Generally speaking, in New Hampshire, a covenant not to compete means that the employee will agree not to work for any of their employer's competitors when leaving the company. Such agreements are also known by the term "non-compete clauses". An employee who signs a covenant not to compete can receive compensation for the agreement, or in some cases the agreement is a condition for their being hired.
When are Covenants not to Compete Unenforceable?
Knowing in advance whether a judge will enforce an employee's non-compete clause can be challenging. While employer's interest are important, the courts of New Hampshire also put a high level of importance on a person's ability to pursue their desired employment opportunities. Consequently, a court will generally only uphold non-compete clauses which under the circumstances are considered to be reasonable. Those agreements that courts have seen to be unreasonable include those that last for an prolonged period of time or cover geographic areas around Swanzey that are unreasonably large.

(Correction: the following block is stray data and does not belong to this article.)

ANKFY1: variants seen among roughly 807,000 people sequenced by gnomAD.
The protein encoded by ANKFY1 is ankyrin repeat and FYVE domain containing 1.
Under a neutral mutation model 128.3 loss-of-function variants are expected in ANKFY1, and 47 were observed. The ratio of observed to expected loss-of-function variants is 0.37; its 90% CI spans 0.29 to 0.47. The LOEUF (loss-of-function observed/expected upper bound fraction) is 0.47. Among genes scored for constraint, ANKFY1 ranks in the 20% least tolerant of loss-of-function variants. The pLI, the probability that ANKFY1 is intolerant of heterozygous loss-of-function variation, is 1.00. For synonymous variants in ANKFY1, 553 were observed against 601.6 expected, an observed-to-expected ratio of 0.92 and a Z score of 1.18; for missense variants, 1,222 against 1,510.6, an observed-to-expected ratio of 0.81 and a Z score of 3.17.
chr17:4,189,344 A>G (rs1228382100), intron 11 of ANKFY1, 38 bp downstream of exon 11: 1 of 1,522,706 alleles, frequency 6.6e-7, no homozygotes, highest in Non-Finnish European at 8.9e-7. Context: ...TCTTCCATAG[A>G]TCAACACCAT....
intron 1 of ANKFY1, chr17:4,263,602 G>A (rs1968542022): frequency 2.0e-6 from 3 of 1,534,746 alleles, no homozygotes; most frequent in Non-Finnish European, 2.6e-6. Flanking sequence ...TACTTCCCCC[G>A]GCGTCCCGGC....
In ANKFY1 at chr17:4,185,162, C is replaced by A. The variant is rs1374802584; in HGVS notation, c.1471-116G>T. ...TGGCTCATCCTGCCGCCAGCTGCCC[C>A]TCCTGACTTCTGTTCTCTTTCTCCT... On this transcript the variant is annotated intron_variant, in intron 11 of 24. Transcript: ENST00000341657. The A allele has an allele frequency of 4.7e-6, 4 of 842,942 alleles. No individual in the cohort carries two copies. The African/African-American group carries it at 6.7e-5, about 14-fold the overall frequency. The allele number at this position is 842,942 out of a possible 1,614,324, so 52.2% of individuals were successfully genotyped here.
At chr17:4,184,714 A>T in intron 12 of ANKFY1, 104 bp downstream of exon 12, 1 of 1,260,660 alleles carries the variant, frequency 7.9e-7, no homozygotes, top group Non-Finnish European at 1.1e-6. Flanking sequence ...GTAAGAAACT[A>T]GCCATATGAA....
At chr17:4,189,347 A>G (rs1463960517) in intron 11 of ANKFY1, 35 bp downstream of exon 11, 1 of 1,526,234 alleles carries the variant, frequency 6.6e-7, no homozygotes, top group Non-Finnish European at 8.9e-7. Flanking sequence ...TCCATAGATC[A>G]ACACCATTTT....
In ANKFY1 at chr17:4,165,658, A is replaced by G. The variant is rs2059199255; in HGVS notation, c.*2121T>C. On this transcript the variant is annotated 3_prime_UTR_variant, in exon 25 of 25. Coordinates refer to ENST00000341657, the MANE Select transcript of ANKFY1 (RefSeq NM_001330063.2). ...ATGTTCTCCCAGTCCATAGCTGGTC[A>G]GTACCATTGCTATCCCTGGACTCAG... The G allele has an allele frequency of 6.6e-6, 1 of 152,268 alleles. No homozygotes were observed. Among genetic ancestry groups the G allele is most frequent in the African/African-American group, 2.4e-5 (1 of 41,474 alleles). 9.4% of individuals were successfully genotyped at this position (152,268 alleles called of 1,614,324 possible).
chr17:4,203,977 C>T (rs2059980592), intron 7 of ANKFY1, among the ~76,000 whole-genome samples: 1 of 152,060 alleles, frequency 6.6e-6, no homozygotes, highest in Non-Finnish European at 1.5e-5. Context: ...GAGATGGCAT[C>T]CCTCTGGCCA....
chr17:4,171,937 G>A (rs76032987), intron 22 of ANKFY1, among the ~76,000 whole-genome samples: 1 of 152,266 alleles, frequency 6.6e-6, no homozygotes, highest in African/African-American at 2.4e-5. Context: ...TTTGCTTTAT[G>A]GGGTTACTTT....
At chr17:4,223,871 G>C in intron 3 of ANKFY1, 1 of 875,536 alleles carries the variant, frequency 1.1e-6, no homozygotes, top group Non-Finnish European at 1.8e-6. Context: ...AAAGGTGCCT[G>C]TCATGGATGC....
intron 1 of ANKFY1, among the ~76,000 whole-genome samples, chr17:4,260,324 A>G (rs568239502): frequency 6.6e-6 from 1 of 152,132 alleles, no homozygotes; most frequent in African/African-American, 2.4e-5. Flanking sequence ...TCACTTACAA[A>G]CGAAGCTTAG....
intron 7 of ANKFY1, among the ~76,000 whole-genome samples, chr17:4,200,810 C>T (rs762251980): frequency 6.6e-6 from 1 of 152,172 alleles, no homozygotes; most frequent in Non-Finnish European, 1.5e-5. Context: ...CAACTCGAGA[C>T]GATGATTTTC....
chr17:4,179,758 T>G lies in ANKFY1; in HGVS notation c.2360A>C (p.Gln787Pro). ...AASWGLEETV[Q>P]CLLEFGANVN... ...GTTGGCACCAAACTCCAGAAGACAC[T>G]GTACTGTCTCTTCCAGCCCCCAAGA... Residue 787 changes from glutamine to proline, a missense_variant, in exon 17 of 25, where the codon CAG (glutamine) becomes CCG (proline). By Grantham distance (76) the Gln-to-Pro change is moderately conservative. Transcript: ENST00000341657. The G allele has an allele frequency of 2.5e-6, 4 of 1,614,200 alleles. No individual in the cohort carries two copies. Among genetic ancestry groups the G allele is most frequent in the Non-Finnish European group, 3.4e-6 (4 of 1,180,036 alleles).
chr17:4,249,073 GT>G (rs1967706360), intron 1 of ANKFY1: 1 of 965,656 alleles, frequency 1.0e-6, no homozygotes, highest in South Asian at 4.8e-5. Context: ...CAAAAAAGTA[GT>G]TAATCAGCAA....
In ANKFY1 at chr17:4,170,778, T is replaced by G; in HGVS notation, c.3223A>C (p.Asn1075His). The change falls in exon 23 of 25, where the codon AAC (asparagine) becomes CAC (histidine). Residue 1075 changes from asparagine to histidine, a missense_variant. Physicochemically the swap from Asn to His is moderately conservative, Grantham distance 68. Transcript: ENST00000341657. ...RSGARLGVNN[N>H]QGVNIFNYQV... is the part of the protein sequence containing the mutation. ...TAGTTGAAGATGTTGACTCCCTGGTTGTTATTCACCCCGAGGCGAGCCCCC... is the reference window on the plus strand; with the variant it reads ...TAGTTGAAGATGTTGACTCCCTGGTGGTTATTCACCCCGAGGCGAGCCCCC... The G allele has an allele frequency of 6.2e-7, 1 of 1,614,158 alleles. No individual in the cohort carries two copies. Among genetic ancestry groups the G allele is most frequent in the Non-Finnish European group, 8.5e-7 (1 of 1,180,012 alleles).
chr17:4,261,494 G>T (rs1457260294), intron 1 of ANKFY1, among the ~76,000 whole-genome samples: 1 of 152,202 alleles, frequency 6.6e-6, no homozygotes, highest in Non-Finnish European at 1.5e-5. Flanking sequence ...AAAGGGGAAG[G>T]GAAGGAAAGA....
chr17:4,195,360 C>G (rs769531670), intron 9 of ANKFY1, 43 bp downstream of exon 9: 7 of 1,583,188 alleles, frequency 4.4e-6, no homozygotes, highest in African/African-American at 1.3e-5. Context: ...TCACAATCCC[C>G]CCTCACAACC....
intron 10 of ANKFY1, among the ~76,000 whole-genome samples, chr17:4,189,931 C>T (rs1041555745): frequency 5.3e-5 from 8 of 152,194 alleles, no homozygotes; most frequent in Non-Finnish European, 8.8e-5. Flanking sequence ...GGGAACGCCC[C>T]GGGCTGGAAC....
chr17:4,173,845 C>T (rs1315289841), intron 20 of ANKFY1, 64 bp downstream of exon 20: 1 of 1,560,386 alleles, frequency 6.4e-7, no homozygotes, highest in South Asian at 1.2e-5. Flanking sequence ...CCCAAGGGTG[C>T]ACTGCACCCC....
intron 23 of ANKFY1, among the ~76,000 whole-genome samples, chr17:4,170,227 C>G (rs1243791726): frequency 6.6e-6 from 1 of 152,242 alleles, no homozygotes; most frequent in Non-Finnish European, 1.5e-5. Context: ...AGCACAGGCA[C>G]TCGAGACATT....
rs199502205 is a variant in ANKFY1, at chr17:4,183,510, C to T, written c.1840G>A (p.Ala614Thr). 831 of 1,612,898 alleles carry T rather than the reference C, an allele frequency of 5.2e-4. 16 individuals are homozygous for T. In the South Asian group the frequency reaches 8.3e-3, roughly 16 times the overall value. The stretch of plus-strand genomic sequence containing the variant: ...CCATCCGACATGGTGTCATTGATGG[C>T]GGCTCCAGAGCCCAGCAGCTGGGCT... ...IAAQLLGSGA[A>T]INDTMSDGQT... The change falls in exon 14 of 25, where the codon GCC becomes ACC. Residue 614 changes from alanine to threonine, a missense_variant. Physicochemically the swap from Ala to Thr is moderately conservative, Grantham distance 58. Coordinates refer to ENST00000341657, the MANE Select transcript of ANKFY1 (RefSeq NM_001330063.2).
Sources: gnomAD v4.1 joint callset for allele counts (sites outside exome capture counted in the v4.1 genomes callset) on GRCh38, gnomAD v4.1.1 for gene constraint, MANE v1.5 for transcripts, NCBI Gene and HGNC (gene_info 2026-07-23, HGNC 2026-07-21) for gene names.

Covenants not to compete are also required to deal only with competitors who are reasonably related to the employer's line of industry. Lastly, the covenant not to compete must have a valid business purpose which is behind the employer's motivation for requiring the agreement.
Do I Need an Attorney when Dealing with a Covenant not to Compete?
Before signing anything that may restrict your rights, you might want to hire a Swanzey, New Hampshire attorney to review the contract. A lawyer can then negotiate to modify the covenant as needed, or might even draft a new one that is acceptable to both parties A lawyer can also render useful advice for employers who are contemplating suing an employee for breach of covenant, or they can counsel employees who have signed such an agreement.